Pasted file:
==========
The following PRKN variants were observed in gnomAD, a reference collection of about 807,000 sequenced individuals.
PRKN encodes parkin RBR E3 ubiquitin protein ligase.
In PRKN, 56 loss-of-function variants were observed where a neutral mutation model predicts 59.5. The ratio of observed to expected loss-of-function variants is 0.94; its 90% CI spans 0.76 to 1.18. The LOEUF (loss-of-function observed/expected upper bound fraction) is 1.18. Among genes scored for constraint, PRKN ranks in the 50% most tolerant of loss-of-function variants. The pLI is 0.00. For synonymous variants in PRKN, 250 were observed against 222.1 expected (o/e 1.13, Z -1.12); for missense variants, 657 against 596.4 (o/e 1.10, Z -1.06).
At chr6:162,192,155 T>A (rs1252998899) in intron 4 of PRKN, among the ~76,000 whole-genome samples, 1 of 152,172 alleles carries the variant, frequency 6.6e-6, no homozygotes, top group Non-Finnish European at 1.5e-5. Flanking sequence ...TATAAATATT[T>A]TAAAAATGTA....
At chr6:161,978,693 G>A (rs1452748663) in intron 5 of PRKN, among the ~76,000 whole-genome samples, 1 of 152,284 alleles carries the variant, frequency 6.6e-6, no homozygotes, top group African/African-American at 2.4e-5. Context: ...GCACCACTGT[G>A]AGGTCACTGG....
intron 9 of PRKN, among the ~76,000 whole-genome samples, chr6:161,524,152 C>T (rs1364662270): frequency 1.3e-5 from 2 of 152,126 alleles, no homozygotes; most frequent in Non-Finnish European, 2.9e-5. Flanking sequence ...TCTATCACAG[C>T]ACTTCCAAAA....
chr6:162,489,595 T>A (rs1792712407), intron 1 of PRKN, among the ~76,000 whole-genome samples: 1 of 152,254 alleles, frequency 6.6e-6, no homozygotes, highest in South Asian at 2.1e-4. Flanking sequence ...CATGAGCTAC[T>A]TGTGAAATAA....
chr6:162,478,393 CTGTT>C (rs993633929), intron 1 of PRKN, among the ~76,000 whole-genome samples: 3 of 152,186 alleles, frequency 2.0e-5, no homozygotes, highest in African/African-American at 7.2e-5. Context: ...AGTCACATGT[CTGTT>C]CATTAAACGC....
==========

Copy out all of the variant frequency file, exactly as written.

The following PRKN variants were observed in gnomAD, a reference collection of about 807,000 sequenced individuals.
PRKN encodes parkin RBR E3 ubiquitin protein ligase.
In PRKN, 56 loss-of-function variants were observed where a neutral mutation model predicts 59.5. The ratio of observed to expected loss-of-function variants is 0.94; its 90% CI spans 0.76 to 1.18. The LOEUF (loss-of-function observed/expected upper bound fraction) is 1.18. Among genes scored for constraint, PRKN ranks in the 50% most tolerant of loss-of-function variants. The pLI is 0.00. For synonymous variants in PRKN, 250 were observed against 222.1 expected (o/e 1.13, Z -1.12); for missense variants, 657 against 596.4 (o/e 1.10, Z -1.06).
At chr6:162,192,155 T>A (rs1252998899) in intron 4 of PRKN, among the ~76,000 whole-genome samples, 1 of 152,172 alleles carries the variant, frequency 6.6e-6, no homozygotes, top group Non-Finnish European at 1.5e-5. Flanking sequence ...TATAAATATT[T>A]TAAAAATGTA....
At chr6:161,978,693 G>A (rs1452748663) in intron 5 of PRKN, among the ~76,000 whole-genome samples, 1 of 152,284 alleles carries the variant, frequency 6.6e-6, no homozygotes, top group African/African-American at 2.4e-5. Context: ...GCACCACTGT[G>A]AGGTCACTGG....
intron 9 of PRKN, among the ~76,000 whole-genome samples, chr6:161,524,152 C>T (rs1364662270): frequency 1.3e-5 from 2 of 152,126 alleles, no homozygotes; most frequent in Non-Finnish European, 2.9e-5. Flanking sequence ...TCTATCACAG[C>T]ACTTCCAAAA....
chr6:162,489,595 T>A (rs1792712407), intron 1 of PRKN, among the ~76,000 whole-genome samples: 1 of 152,254 alleles, frequency 6.6e-6, no homozygotes, highest in South Asian at 2.1e-4. Flanking sequence ...CATGAGCTAC[T>A]TGTGAAATAA....
chr6:162,478,393 CTGTT>C (rs993633929), intron 1 of PRKN, among the ~76,000 whole-genome samples: 3 of 152,186 alleles, frequency 2.0e-5, no homozygotes, highest in African/African-American at 7.2e-5. Context: ...AGTCACATGT[CTGTT>C]CATTAAACGC....